Young people grow up with technology and just naturally can manipulate it with out any instructions. FALSE! The only tools I have found that students naturally use are chat features. Chats are social and just a text message thread for them and they love to use them.
|by Photo Extremist|
To students email is a service that gives you an address so you can sign up for Facebook. If I have my students log into their email account they undoubtedly have hundreds of unread messages, mostly from Facebook. They do not know how to send something as an attachment or download one that they receive.
Naming and saving files and actually remembering where they put them is like trying to find something in their locker. They know it’s in there but have no idea where or how to find it. Never have them create their own passwords, unless you want to spend lots of time creating new accounts.
We tried using Camtasia Studio to record screencasts from multiple sources and combine into one interesting video. Students had to be shown individually how to do everything even after multiple class demonstrations.
It’s not that there is anything wrong with the students. They are just middle schoolers who are often unorganized in real life and online. Before computers they lost papers and forgot things too.They just have not had a reason to use these tools or think in these ways before. But they are definitely NOT digital natives and I’m ok with that. I’m a teacher. Helping students learn is what I do.
I say this all the time and people look at me as if I’m from Mars. The difference between my students and most adults is that they aren’t afraid to use new technology and to adults who are afraid, watching someone dive in can be very intimidating as it gives the appearance that they know what they are doing.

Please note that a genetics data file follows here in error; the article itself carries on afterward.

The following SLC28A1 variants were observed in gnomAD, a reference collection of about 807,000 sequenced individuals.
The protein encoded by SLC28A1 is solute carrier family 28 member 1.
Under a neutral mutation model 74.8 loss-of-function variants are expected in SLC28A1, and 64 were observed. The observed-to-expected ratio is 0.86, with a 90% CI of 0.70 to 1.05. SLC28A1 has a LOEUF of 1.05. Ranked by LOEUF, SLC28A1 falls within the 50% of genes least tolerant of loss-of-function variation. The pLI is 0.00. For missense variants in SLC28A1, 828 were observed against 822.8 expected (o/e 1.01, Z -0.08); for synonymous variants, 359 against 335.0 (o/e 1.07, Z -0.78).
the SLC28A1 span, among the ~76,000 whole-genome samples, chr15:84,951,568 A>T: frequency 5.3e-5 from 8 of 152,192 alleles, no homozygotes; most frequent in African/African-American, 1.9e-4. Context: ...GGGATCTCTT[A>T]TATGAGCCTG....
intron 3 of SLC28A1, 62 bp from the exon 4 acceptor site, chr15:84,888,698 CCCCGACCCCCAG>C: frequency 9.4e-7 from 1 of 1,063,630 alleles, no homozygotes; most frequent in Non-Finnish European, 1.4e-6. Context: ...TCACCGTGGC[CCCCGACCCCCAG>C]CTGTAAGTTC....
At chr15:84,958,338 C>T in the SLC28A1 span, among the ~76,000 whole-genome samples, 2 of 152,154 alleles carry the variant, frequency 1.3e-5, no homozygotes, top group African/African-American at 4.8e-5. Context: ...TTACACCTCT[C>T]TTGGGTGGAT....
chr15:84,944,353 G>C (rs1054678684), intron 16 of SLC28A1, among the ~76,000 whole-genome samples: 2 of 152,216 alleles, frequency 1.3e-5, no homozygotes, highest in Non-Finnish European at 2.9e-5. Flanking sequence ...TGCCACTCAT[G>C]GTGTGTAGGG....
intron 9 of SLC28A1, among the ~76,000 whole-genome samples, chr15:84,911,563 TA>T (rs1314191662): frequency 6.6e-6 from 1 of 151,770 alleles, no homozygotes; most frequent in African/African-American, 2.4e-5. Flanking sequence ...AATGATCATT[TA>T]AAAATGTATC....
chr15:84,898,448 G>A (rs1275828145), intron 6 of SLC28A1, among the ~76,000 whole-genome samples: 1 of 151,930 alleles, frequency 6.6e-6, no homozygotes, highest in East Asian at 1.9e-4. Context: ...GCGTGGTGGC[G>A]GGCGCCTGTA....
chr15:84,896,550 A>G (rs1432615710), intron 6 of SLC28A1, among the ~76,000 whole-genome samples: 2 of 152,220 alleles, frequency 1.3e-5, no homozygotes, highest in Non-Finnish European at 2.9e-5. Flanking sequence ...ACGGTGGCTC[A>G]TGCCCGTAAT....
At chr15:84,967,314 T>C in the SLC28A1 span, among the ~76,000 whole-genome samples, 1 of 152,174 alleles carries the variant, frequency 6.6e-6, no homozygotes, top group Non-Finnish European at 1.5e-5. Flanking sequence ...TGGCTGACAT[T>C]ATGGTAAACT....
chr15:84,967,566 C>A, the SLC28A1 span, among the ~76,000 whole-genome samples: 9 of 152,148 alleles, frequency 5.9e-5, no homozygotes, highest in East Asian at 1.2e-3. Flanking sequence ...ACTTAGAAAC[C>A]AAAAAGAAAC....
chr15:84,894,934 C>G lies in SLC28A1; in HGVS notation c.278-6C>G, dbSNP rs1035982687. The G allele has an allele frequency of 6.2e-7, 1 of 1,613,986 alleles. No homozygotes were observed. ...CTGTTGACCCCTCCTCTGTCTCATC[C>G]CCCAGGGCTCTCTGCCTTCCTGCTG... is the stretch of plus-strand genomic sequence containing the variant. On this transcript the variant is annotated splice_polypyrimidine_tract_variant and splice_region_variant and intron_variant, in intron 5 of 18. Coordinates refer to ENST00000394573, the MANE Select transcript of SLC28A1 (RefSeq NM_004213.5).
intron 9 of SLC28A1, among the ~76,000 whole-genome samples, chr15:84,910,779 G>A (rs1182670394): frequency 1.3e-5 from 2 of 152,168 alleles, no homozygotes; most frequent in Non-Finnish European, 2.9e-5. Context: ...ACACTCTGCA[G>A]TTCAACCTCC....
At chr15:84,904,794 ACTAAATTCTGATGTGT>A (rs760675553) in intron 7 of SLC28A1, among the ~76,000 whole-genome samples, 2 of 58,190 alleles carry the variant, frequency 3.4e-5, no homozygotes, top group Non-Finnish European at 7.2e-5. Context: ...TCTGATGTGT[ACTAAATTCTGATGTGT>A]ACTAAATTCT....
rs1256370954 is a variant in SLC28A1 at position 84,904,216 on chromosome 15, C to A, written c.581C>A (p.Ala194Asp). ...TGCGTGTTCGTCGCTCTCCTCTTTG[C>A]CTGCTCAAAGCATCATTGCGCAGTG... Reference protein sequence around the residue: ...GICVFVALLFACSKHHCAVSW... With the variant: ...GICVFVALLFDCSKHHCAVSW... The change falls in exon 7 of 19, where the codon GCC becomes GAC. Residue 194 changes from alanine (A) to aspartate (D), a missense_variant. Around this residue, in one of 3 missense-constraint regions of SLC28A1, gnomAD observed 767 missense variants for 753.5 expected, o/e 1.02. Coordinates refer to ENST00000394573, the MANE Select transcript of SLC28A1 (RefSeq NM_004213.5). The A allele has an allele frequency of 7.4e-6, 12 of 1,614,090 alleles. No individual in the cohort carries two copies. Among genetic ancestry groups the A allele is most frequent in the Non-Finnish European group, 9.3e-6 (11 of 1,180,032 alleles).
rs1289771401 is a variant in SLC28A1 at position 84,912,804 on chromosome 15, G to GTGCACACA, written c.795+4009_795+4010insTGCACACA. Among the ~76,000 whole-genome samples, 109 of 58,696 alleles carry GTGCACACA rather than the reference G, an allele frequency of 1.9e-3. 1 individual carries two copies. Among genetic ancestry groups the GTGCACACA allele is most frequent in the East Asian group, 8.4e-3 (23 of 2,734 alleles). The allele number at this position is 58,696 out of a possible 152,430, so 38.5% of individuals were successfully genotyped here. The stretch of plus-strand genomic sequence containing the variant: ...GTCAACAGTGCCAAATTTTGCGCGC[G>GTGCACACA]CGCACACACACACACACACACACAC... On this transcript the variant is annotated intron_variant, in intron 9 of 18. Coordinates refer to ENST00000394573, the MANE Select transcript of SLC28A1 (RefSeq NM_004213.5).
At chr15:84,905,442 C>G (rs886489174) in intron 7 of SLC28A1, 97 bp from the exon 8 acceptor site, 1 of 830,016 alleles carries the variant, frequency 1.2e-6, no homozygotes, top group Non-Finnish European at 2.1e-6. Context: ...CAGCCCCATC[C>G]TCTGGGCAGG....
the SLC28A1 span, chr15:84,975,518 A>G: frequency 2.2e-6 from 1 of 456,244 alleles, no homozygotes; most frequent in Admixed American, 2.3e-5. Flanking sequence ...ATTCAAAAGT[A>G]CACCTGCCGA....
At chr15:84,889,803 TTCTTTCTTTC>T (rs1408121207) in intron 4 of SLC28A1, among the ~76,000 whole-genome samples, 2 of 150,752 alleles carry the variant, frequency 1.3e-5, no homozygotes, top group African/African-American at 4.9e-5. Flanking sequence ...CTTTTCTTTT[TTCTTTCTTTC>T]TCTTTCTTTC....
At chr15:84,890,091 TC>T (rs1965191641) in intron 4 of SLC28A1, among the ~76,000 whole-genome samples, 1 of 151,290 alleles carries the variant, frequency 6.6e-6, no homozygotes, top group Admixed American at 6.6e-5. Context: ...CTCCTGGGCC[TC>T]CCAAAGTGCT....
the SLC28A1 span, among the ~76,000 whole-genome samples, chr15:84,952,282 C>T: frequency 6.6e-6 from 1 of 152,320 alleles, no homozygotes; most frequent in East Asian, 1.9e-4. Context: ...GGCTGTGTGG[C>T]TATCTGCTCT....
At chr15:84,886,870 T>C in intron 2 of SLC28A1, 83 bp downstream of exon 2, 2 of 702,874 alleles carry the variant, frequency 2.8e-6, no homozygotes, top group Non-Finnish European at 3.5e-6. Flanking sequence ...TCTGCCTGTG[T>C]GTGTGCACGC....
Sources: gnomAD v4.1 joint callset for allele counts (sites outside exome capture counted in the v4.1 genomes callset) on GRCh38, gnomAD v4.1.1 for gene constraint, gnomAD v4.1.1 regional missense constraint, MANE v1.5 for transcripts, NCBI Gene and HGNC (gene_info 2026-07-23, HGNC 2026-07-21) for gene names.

They may be digital natives but natives still need to be taught new skills.
Yes. There is a big difference between “digitally native” and “digitally proficient,” huh?
I’ve been amazed for years at the apparent ineptitude most students seem to have. However, by the time they get to high school at least they seem to be able to figure stuff out pretty quick when pushed.
Digital Natives are a myth. It’s about affluence and opportunity – not DNA. http://bit.ly/b9X0Wf
The generational difference (and I do believe it exists) is all about how technology is used. My students seem to pick up, almost naturally, on the social and multimedia elements. Give them a spreadsheet, though, and it’s like a foreign language. With my dad (in his sixties) it’s just the opposite.
Totally agree. I am trying to find a way not to be just disappointed with the slugs, as I call them, and inspire them to be all the things they are purported to be…… I wrote about a similar experience here: http://readlisaread.edublogs.org/2010/05/24/kids-are-getting-worse-every-year/
Depressingly true. And, I think we can all agree to stop using the term “Digital Natives” in that bright-shiny way. They are just kids, and as you pointed out, just as motivated as any group of kids in any generation.
well I am so relieve to learn about digital natives. I always thought the young generation, whatever they’re called, were completely techie savvy because they seem to be able to navigate all over the web. You are probably right. When given a specific task, they might be a newbie like me! This makes me happy.
@lisettecasey I like how you put it. Students do lack fear and that is a great quality as a first step toward problem-solving.
@Joe That is my point 🙂
@Jon I see vast differences in students themselves though. The ones that are active on line in their free time definitely have skills that the some others lack. Many of my students do not have access at home.
@anonymous I have found most of my 6th graders are really not even that good at basic web searches. They need opportunity and the to be taught just like anyone else.